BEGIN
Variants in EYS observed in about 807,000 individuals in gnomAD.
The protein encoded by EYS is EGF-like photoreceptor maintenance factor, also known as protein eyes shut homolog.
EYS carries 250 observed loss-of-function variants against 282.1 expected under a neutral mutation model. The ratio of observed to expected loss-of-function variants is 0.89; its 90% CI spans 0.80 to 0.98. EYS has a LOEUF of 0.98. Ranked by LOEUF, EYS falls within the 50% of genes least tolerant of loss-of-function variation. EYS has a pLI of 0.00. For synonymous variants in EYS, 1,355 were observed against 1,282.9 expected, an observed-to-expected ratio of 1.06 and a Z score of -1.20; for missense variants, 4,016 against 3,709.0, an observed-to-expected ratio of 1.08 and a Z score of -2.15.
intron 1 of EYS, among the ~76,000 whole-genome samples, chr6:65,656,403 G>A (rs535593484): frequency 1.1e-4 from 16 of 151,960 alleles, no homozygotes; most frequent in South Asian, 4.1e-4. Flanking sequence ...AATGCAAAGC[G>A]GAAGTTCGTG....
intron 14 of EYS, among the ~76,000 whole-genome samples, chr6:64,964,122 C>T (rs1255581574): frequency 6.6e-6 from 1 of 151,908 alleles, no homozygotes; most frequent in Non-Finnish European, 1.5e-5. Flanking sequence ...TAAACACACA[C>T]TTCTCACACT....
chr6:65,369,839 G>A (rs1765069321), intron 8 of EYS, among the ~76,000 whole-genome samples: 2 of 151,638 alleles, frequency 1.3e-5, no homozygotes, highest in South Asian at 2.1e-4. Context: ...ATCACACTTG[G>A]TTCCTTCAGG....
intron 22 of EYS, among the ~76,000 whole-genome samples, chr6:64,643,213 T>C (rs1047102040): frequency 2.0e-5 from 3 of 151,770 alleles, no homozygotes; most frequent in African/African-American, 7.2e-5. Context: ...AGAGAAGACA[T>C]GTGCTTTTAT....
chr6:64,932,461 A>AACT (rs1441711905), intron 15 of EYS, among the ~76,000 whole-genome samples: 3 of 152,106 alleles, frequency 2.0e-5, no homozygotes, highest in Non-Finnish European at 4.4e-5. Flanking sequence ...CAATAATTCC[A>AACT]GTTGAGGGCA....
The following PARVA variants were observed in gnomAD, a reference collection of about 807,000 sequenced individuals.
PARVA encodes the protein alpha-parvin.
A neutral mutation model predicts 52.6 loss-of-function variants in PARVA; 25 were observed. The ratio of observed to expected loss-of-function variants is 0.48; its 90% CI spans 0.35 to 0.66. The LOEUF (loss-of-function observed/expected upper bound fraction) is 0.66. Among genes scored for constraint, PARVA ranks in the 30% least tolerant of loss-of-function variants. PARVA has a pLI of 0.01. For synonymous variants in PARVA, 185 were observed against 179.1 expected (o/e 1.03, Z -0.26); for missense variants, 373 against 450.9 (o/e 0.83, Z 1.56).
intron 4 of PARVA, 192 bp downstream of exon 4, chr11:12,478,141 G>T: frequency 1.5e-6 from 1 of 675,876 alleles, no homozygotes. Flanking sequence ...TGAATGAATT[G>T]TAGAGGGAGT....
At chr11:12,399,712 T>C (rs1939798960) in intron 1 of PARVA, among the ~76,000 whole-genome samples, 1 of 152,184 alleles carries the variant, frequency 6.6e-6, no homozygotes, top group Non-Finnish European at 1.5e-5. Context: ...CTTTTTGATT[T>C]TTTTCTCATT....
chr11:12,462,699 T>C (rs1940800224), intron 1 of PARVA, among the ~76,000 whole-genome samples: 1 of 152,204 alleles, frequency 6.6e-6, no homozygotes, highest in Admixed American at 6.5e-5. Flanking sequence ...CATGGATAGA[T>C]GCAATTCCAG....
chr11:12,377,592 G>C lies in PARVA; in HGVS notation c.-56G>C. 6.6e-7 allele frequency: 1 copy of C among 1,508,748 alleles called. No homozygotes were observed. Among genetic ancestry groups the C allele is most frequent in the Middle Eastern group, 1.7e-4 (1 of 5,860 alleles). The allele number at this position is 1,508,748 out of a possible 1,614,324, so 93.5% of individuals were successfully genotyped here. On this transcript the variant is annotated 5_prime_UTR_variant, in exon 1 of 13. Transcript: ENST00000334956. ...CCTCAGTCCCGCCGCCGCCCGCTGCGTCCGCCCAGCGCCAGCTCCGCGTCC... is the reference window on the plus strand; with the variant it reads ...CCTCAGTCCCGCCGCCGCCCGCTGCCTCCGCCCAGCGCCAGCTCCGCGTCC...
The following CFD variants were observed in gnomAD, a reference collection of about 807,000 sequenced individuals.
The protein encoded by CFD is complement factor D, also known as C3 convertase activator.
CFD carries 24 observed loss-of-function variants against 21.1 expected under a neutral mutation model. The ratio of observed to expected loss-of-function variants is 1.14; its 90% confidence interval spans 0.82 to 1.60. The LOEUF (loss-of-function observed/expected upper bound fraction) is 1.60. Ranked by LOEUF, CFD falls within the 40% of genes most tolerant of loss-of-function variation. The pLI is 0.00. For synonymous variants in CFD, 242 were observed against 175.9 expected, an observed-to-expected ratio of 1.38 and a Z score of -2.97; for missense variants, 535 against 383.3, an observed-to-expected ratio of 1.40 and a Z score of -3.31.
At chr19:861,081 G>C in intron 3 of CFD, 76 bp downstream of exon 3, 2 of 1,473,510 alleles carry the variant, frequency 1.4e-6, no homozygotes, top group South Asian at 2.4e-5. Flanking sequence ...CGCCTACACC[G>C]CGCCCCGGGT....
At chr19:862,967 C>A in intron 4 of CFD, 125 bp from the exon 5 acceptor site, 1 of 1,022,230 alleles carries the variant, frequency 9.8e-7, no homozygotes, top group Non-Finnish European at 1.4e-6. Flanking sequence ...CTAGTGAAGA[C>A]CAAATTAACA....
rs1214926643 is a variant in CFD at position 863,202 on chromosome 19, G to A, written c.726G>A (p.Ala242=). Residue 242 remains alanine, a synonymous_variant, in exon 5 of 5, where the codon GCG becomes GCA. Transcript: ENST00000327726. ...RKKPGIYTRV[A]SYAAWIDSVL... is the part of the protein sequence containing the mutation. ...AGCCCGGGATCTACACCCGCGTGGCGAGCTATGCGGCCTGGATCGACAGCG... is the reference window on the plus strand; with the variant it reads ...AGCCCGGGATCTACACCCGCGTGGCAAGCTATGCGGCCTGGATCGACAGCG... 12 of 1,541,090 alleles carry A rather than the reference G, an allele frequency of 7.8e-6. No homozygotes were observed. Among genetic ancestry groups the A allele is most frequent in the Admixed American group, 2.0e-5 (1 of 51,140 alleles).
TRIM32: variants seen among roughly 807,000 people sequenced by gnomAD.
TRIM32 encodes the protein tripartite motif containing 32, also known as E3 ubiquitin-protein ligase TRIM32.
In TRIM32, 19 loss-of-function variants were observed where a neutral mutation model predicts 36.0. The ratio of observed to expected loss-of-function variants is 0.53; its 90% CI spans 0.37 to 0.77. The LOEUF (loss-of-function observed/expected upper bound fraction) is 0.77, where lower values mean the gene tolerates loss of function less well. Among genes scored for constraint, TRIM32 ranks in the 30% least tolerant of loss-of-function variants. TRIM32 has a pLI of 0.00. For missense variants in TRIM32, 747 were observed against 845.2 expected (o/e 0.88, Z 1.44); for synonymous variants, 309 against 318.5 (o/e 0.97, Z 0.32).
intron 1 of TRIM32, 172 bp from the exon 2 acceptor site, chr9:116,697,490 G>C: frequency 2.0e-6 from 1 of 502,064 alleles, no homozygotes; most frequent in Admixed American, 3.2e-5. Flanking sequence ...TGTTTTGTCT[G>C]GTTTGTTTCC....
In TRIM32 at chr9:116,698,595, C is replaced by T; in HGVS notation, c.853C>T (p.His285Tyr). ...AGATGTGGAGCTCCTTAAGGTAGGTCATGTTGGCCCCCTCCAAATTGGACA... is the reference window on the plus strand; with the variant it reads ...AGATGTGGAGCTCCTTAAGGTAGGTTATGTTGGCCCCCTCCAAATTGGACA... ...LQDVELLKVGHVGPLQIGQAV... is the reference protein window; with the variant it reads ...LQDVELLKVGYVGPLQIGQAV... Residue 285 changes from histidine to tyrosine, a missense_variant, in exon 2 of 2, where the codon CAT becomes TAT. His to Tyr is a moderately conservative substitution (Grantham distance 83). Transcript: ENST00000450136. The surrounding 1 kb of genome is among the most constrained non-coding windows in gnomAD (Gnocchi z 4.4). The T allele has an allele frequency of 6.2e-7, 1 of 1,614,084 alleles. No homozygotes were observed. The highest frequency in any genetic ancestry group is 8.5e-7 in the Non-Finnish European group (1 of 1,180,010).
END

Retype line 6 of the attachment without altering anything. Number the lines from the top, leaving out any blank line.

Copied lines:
chr6:65,369,839 G>A (rs1765069321), intron 8 of EYS, among the ~76,000 whole-genome samples: 2 of 151,638 alleles, frequency 1.3e-5, no homozygotes, highest in South Asian at 2.1e-4. Context: ...ATCACACTTG[G>A]TTCCTTCAGG....